Stansfeld, Katherine – Royal Holloway

Abstract: The limits of place? Boundaries and multiplicity in north-east London


More than lines on a map? Rethinking neighborhoods and regions — Presenter

Thornton, Pip – Royal Holloway, University of London

Abstract: a critique of linguistic capitalism (and an artistic intervention)


Author doesn’t meet the critics: Gilbert Simondon’s On the Mode of Existence of Technical Objects — Panelist
Curating (in)security: Unsettling Geographies of Cyberspace (1) — Organizer
Curating (in)security: Unsettling Geographies of Cyberspace (2) — Organizer, Presenter

CFP: Labour and life: changing geographies of the workplace

Call for Papers for the Royal Geographical Society with Institute of British Geographers Annual International Conference, 29 Aug – 1 Sep 2017, London, UK.

Session sponsored by the Economic Geography Research Group.
Labour and life: changing geographies of the workplace
This session will reflect on changes to capitalist work, its spatial constitution, and the consequent relations between labour and life. Classic accounts of the capitalist labour process emphasised disciplinary power, exercised through workplaces bounded in time and space, and producing a degradation of both work and workers (Braverman 1974; Wright 2006). Today, organisational theorists emphasise a capitalist ‘biocracy’ in which a range of life abilities are ‘put to work’ through the blurring of boundaries between work and non-work spaces, times and identities (Fleming 2014; Gregg 2011). Far from heralding a new halcyon era of creative labour, for some these developments have gone hand in hand with growing precarity, intensified labour exploitation and a suffocating ideology of work.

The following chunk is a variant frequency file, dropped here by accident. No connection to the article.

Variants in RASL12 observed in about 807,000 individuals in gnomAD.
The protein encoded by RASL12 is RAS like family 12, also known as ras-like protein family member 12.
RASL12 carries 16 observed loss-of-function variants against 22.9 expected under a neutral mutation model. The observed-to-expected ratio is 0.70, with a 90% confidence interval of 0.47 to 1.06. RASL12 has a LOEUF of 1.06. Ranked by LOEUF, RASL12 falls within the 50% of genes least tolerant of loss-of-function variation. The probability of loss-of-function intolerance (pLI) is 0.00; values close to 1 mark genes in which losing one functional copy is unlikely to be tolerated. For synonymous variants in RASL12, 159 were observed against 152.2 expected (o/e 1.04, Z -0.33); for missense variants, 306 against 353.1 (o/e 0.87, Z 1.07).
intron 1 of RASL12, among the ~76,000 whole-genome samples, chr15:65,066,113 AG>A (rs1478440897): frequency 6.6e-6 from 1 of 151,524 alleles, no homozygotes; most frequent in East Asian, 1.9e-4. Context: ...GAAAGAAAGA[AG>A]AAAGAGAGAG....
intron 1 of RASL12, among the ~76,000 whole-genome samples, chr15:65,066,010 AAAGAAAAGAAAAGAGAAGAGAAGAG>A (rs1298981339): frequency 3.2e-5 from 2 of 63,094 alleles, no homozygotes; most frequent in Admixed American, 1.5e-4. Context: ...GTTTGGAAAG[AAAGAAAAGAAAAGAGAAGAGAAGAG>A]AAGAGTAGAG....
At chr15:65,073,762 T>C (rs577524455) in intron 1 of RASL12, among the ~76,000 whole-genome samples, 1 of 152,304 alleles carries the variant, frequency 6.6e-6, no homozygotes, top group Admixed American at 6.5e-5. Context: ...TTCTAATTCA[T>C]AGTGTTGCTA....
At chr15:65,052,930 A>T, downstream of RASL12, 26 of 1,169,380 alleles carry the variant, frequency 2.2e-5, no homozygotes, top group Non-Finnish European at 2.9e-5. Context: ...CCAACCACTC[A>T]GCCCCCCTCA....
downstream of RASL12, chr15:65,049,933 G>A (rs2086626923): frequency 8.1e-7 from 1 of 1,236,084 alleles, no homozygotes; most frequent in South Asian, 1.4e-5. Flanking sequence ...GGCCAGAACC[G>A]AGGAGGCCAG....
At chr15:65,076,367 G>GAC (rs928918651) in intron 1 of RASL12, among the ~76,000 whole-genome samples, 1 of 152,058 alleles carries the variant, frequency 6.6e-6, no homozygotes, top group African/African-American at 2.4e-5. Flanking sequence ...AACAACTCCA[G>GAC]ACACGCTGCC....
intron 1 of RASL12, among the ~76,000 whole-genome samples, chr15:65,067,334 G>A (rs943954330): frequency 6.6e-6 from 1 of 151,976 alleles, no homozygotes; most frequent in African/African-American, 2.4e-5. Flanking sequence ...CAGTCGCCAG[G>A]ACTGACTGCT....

These arguments over changing relations between labour and life need critical engagement. In particular, geographical scholarship usefully resists all-encompassing accounts of changing capitalist work cultures, instead focusing on how the organisation and experience of work are shaped by particular and varying workplace geographies. The geographies of workplaces have been a recurrent but underexplored aspect of labour geographies (e.g. Castree 2007; Crang 1994; Henry & Massey 1995; Kanngieser 2013; McDowell 2009; McMorran 2012; Stein 1995). This session will foreground current scholarship in this area. The intention is for two ‘modules’ with four presentations in each. Potential foci for contributions include:
•  The theorisation of workplace geographies;
•  Workplaces as sites of discipline and / or biopower;
•  Workplaces as sites of pleasure and vitality;
•  Digital socio-materialities and the re-making of workplace geographies;
•  Workplace architectures and affective atmospheres;
•  Labour resistance and the politics of ‘anti-work’;
•  Gendered geographies of the workplace;
•  Creative methods for researching working life.
Please submit abstracts of up to 250 words to Philip Crang, via email at, by 7 February 2017. We will endeavour to contact all abstract authors with a response by 13 February.
Adam Badger, Department of Geography, Royal Holloway University of London. Email:
Philip Crang, Department of Geography, Royal Holloway University of London. Email: (corresponding convenor)
Katy Lawn, Department of Geography, Royal Holloway University of London. Email: